The most obvious consequences of Lord Dyson’s judgment in PC Harrington v Systech (non-payment of adjudicators for non-enforceable decisions where there has been a breach of the rules of natural justice) have been written about and discussed at length over the three months since the Court of Appeal handed down its judgment.
However, one topic that has not featured (as far as I’m aware), is the idea that the judgment may, in some way, impact on an adjudicator’s behaviour. For those of you wondering what an earth I am talking about, let me explain.
A fair hearing by an impartial tribunal
One of the tenets of natural justice is that a party has the right to a fair hearing by an impartial tribunal. That right may be breached if the tribunal shows bias or apparent bias. While actual bias may rarely occur or be alleged, we have seen a number of judgments over the years looking at what behaviour may equate to apparent bias.
The test for bias has its roots in the judgment in Re Medicaments, where Lord Phillips said that bias is:
“an attitude of mind which prevents the judge from making an objective determination of the issues he has to resolve.”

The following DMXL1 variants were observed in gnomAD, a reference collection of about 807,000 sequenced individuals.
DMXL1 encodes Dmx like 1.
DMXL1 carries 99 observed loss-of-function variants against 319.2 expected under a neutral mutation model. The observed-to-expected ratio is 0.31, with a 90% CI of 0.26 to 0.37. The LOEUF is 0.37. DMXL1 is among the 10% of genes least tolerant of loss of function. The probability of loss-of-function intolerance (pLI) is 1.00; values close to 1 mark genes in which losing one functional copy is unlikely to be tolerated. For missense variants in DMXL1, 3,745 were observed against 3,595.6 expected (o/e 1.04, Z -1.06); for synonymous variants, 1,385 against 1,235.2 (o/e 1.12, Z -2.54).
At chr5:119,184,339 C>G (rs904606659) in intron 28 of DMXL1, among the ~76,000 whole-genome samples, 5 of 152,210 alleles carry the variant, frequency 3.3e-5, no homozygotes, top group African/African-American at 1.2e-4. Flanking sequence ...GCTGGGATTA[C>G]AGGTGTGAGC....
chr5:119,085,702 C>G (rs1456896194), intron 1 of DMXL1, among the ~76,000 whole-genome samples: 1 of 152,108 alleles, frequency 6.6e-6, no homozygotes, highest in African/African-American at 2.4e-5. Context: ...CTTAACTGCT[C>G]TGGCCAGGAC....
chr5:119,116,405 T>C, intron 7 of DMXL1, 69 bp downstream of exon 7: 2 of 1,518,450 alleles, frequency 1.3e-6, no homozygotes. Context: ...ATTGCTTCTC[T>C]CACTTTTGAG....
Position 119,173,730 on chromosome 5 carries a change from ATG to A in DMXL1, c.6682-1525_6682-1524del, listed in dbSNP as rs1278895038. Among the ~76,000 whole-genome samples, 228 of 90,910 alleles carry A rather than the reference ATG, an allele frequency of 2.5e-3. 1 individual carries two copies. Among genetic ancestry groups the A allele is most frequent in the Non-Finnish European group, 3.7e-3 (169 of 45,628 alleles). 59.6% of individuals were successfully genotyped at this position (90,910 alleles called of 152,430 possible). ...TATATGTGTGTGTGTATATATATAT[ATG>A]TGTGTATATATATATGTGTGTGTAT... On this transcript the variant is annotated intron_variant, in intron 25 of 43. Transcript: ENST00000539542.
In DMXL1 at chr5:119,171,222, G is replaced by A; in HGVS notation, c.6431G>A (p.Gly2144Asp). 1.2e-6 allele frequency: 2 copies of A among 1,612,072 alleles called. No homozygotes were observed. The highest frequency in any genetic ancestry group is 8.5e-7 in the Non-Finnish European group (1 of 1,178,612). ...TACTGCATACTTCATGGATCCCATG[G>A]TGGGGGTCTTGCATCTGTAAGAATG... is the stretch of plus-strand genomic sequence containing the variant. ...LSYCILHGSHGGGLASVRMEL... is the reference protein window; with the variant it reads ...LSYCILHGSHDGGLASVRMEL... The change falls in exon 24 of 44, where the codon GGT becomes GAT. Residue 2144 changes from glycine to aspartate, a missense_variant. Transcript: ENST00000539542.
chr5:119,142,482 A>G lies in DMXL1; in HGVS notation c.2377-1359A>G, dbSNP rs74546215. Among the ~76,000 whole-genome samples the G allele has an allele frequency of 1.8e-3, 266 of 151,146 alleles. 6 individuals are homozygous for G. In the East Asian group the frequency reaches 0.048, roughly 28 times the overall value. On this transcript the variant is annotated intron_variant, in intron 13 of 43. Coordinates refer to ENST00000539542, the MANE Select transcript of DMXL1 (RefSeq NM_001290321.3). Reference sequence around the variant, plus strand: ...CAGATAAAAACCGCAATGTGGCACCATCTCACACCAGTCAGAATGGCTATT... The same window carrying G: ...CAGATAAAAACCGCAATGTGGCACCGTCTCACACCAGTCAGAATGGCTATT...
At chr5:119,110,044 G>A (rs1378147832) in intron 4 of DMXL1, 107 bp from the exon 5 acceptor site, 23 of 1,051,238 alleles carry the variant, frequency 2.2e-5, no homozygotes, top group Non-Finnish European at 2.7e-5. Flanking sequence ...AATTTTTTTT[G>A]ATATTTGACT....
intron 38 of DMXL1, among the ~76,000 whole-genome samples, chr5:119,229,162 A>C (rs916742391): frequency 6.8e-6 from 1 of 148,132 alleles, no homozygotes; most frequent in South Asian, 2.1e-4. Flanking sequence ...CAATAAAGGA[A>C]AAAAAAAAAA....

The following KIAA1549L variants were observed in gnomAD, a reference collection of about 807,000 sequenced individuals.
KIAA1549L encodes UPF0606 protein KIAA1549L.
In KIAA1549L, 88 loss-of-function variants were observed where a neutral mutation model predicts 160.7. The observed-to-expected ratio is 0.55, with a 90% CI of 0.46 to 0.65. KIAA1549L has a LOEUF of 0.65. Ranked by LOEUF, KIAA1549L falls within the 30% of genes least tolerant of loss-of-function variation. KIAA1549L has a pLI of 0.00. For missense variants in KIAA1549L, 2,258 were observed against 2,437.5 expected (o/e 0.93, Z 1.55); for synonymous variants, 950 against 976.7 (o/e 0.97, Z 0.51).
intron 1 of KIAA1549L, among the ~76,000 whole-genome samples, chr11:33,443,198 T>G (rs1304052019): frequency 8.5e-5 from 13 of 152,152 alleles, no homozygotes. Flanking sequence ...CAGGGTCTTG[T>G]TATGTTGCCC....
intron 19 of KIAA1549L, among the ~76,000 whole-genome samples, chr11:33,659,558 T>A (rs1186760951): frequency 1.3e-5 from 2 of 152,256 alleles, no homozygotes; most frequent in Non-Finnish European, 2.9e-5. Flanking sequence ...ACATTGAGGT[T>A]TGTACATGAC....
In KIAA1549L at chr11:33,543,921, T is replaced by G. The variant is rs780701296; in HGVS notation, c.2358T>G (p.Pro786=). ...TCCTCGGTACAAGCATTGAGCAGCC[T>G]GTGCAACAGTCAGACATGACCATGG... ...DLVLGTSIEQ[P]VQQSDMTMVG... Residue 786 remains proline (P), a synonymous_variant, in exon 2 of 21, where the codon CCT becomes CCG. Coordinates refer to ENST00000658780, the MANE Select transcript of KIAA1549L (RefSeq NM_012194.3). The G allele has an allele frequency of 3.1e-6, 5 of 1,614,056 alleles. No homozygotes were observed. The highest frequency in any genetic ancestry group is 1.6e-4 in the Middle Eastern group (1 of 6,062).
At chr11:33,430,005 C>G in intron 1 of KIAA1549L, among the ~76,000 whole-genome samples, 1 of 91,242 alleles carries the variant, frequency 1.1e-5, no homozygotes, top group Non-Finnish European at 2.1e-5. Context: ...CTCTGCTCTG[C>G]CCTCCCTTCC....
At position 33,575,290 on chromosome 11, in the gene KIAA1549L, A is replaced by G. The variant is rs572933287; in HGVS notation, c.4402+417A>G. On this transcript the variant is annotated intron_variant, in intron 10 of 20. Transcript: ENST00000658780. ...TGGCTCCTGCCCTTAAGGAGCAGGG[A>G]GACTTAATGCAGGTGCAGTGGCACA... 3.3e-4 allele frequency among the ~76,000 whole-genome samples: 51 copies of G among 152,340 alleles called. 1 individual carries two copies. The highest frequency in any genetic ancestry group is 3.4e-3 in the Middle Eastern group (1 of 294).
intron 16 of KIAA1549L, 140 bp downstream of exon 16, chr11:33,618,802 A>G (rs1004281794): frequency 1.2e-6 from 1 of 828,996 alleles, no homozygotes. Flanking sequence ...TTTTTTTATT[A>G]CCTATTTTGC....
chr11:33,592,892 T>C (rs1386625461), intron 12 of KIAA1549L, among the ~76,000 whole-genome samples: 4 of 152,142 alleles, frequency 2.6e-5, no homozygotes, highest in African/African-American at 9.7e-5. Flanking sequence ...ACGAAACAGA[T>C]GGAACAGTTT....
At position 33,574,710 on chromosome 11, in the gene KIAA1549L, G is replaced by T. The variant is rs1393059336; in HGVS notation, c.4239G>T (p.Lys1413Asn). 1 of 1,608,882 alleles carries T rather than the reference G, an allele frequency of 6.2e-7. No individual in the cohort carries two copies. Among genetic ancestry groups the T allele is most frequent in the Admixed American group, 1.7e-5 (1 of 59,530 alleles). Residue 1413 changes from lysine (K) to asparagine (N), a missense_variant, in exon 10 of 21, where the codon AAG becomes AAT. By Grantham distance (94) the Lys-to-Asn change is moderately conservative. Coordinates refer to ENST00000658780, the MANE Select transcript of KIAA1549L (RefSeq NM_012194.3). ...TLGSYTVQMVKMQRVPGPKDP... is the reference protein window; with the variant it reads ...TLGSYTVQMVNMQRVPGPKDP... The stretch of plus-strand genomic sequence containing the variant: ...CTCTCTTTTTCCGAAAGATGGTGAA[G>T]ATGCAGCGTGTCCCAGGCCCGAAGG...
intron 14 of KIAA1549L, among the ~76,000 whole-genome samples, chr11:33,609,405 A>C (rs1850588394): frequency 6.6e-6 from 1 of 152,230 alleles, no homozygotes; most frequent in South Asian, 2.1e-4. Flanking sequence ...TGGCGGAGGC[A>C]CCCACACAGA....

Lord Phillips referred to the “fair minded and informed observer” who may think the judge (or adjudicator) was biased. He went on to give a number of examples, including that a judge may be biased:
“… because of a prejudice in favour of or against a particular witness which prevents an impartial assessment of the evidence of that witness.”
In adjudication terms, we can look to the judgments of Dyson J in AMEC Capital Projects Ltd v Whitefriars City Estates Ltd and Akenhead J in Cantillon Ltd v Urvasco Ltd for guidance.
Does getting paid influence the adjudicator?
Prior to PC Harrington v Systech, it had been the case that an adjudicator would almost always be entitled to be paid, come what may. Now that has changed, I wonder if, during enforcement proceedings, we will start to see losing parties arguing that there has been some form of bias in the adjudicator’s decision making process, which has led to them losing? The rationale being that the adjudicator was more concerned with the payment of his fees at the end of the process and has, in some way, been influenced by that idea when deciding which party will “win” the adjudication.
It may be a sad day for adjudication if this does happen. As Dyson J said:
“Judges are assumed to be trustworthy and to understand that they should approach every case with an open mind. The same applies to adjudicators, who are almost always professional persons.”